So now it's official: North Korea did it. In the early morning hours of March 26 an explosion tore through the hull of the South Korean naval vessel Cheonan, which was sailing in waters not far from the disputed maritime boundary with the North. The 1,200-ton patrol boat split in two and sank, and 46 sailors lost their lives.
The cause of the disaster wasn't immediately obvious. No one claimed responsibility for an attack, and some sort of accident was, of course, within the realm of possibility. So the South Korean government launched a probe to figure out what happened. On Thursday, after six weeks of work, the investigators presented their findings. The evidence included fragments, recovered from the sea bottom near the sinking, of a Chinese-made torpedo of a kind known to be in use by the North Korean Navy.
So what happens next? Media commentators assure us that -- as is usually the case in matters North Korean -- all the options facing South Korean President Lee Myung Bak are bad ones. Yet this commonplace may need a bit of correcting. President Lee's range of possible moves may be relatively limited, but that doesn't necessarily mean that the ones he chooses will be ineffective. On Friday, Lee ordered his government to prepare "resolute and systematic" countermeasures against North Korea, and announced that he would be announcing further moves in a speech next week. And though he may not go so far as to say it outright, his plan is likely to revolve around doing away with the remnants of the "Sunshine Policy," the South's decade-long program of rapprochement with the North. Bruce Bennett, a Korea-watcher at the Rand Corporation, notes: "When somebody's committing acts of war against you there isn't any sunshine."
The Sunshine Policy was the brainchild of Kim Dae Jung, the dissident-turned-national leader who came to power in Seoul in 1998. Kim assumed that North Korea's decades of bad behavior could be modified, and the way to do that was by lessening tensions and comprehensively promoting personal and economic contacts between the two countries. The two governments dismantled the propaganda loudspeakers on both sides of the Demilitarized Zone, brought together families that had been separated by the Korean War, and organized several grand investment projects on the northern side of the line. (For some reason no one ever assumed that Kim Jong Il might be able to dig up the cash for investments in the South.) One of those projects was the Hyundai-funded tourism resort at Mount Kumgang, just to the north of the DMZ. Another was the Kaesong Industrial Park, where as of last year some 40,000 North Koreans were earning wages in factories run by several dozen South Korean companies.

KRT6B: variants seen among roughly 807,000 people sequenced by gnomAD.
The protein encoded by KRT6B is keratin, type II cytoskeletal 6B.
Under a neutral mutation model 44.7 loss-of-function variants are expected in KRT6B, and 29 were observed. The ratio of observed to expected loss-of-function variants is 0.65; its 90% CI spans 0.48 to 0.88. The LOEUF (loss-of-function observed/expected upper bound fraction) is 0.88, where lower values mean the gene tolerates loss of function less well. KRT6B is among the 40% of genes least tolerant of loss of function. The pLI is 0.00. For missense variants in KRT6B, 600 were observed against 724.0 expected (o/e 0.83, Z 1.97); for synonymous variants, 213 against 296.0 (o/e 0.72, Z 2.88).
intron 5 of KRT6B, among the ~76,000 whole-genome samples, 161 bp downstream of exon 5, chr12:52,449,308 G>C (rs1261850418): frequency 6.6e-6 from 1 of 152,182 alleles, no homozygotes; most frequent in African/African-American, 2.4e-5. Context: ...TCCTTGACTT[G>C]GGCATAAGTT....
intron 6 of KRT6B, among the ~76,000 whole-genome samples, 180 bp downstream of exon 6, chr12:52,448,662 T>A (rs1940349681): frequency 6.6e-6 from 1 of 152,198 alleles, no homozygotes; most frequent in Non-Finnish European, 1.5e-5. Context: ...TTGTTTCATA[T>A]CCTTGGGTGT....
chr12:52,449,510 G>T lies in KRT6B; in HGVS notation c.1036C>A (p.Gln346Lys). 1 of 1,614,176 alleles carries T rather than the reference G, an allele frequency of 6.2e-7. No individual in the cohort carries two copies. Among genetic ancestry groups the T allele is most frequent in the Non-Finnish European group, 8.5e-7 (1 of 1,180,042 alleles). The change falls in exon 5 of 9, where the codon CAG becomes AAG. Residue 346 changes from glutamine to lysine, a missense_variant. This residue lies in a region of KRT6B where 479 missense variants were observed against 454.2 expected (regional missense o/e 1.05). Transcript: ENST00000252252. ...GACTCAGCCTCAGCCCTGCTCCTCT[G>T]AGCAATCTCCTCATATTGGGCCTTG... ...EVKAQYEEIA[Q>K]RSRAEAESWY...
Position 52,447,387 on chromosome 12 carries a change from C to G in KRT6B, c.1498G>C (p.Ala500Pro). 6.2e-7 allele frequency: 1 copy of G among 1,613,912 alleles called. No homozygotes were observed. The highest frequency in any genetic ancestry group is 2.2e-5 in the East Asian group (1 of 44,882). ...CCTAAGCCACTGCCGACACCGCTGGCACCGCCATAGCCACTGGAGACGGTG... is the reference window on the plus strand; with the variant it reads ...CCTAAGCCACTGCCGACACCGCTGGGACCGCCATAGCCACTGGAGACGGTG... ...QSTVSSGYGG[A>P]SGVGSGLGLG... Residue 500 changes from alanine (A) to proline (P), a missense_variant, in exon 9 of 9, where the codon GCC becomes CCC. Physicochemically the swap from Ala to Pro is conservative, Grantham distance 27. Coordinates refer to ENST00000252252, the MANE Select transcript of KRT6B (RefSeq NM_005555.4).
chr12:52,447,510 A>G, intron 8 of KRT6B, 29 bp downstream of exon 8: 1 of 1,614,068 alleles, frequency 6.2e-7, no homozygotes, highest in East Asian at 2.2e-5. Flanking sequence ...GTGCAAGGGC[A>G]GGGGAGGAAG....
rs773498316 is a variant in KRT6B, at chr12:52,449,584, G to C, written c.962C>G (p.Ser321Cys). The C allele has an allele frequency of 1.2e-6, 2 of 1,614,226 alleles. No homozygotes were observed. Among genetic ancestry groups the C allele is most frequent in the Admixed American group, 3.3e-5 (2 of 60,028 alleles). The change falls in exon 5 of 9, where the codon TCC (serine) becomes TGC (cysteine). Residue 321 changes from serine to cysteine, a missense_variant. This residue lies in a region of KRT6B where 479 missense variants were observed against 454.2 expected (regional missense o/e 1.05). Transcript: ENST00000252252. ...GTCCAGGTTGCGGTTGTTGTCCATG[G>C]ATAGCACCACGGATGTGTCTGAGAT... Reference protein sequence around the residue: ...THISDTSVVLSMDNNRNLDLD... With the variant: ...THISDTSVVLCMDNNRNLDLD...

For a while it seemed to be working: The North toned down its belligerent rhetoric (well, at least a bit), and inter-Korean contacts, once unthinkable, became the order of the day. South Koreans told pollsters that they welcomed the change in atmosphere. (No one ever managed to ask Northerners what they thought). Yet the inflow of South Korean capital and know-how never seemed quite enough to satisfy Pyongyang, and the broader benefits of more relaxed relations never materialized. The North, for all the warming, went on launching missiles and expanding its nuclear programs.
President Lee came to office in 2008 promising to end the unconditional largesse, and, to no one's real surprise, the North immediately made its disapproval felt, threatening Kaesong investors and refusing to punish a North Korean soldier who shot a southern tourist in cold blood at the Kumgang resort. One theory has it that the sinking of the Cheonan might be the North's retaliation for a naval skirmish that took place last fall, when the Southerners got into a gunfight with a Northern vessel that violated the maritime border between the two countries. At least two North Korean sailors are said to have died. But there may be more to all of this than meets the eye. Ever since the North Korean leadership badly botched a would-be "currency reform" last fall, triggering the first public protests in recent memory, the regime has looked even wobblier than usual. Add to that Kim Jong Il's health problems (he apparently suffered a stroke in 2008 and looked shockingly worse for wear during a recent visit to China) and his correspondingly urgent efforts to ensure the succession of his son Kim Jong-un as North Korea's next leader, and you have a powerful recipe for instability.